With the school year beginning ~ and around here, the school parking lots were filled with teachers' cars yesterday, and the buses are rolling this morning ~ Paul Campbell, S.J. at People for Others asks to hear about the teachers who've made a significant impact on our lives. I so enjoyed the opportunity to give that question some thought late last night after the sadness of yesterday that had begun at 5:45 a.m. and, of course, continues, that I thought I'd post my response.
It occurred to me as I looked at it again this morning that every one of these teachers continues to influence my life nearly every day. If I am thinking about freedom and grace as I take note of an unexpected bird passing through during the fall migration, that's because of great teachers. I am reminded of Sir Thomas More's response to the soon-to-be utterly corrupted Richard Rich in A Man for All Seasons, when Rich asks who would even know about him if he abandoned his efforts to exert influence at court and became a teacher instead:
"You; your pupils; your friends; God. Not a bad public, that."
Thanks, Robin, for asking. I particularly appreciate this prompt to write this morning. As I turned into my parking lot, I signaled to a woman headed out of it to "go on" - mostly because she was cattywhampus in the driveway and I couldn't pass her very well. Then she signaled to me and waved a campus map. I motioned to her to wait and pulled on in, and sure enough, she was the mother of a new student trying to follow the campus map to her designated parking.
I gave her what I hope were helpful instructions and said, "welcome to This University!" She was very appreciative.
In my current job I don't have daily or ongoing student contact, and I miss that. But this is why I am here: to represent the University at macro as well as micro levels. Move-in is always so poignant for me, because I remember my own hot August move-in day, back in 1983. 29 years ago this week. Oy.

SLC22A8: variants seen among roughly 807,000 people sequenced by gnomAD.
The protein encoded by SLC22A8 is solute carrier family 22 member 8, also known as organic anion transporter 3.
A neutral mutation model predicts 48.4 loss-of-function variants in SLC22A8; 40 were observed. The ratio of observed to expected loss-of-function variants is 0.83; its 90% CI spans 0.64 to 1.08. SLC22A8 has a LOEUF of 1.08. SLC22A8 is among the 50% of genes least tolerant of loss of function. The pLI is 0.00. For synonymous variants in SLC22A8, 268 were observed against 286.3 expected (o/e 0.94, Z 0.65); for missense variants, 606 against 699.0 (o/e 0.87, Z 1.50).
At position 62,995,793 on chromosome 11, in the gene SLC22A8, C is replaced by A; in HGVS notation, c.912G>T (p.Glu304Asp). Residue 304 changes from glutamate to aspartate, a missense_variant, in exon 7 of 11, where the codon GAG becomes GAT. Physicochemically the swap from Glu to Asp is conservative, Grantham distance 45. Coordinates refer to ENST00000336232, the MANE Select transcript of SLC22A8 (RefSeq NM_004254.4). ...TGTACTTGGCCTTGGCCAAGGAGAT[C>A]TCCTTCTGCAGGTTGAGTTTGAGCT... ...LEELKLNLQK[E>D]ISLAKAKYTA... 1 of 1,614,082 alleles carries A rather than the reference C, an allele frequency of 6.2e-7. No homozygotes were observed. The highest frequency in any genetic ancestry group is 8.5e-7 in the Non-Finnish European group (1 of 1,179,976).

Mrs. Martindale, my kindergarten teacher, who took the time for her only student who already knew how to read and did lots of enrichment with me. These were things she made on her own time. I still have a wonderful book made of cloth pages ironed with wax paper...each had a picture of an item and what it said (a See and Say before they were invented!) "The clock says 'tick-tock'". "The rooster says 'cock-a-doodle doo'".
My elementary school administrators, who had the same child on their hands the next year. I was known as "the one who can read anything." They moved me into the next year's classes for language arts, up until 3rd grade when there were a group of 5 of us who were in a similarly advanced stage, and then we had separate lessons in our grade levels. It was not a perfect solution, but I am so glad that they and those teachers were willing to take the time and trouble, rather than leaving me with people who were sounding out Dick and Jane.
Mrs. Doerries in fifth grade, who believed I could do anything. (I had proved at that point that math was not my strong suit, but she helped by highlighting the things at which I did excel).
Mr. Nye, in 7th grade English, who had the advanced class reading L'Morte d'Arthur and doing reports to each other on it.
Mr. Dixon, my high school choir director, who taught me so much more than music.
In undergraduate school, Dr. Newman (Modern Lit and Film) and Dr. Dyer (Spanish) were two faculty in whose classes I had the thought, "Now, THIS is what I thought college would be like." In a good way.
In grad school, Dr. Harrison Meserole, a legend in his own time. Then-editor of the World Shakespeare Bibliography, former editor of the Modern Language Association Bibliography. He was a big deal. I took an intro research and bibliography class from him, and I was SCARED. TO. DEATH. of him. (I was all of 21.) What I learned from that class was to think for myself, to make a case on my own and be able to support it, and if I could do both, it would be fine. He also introduced to me the splendid word, "transmogrifying" as in, "It was a transmogrifying bee."
Like the bee, Dr. Meserole changed everything...and so did those other teachers. I thank them humbly. And I thank Robin for this reminder.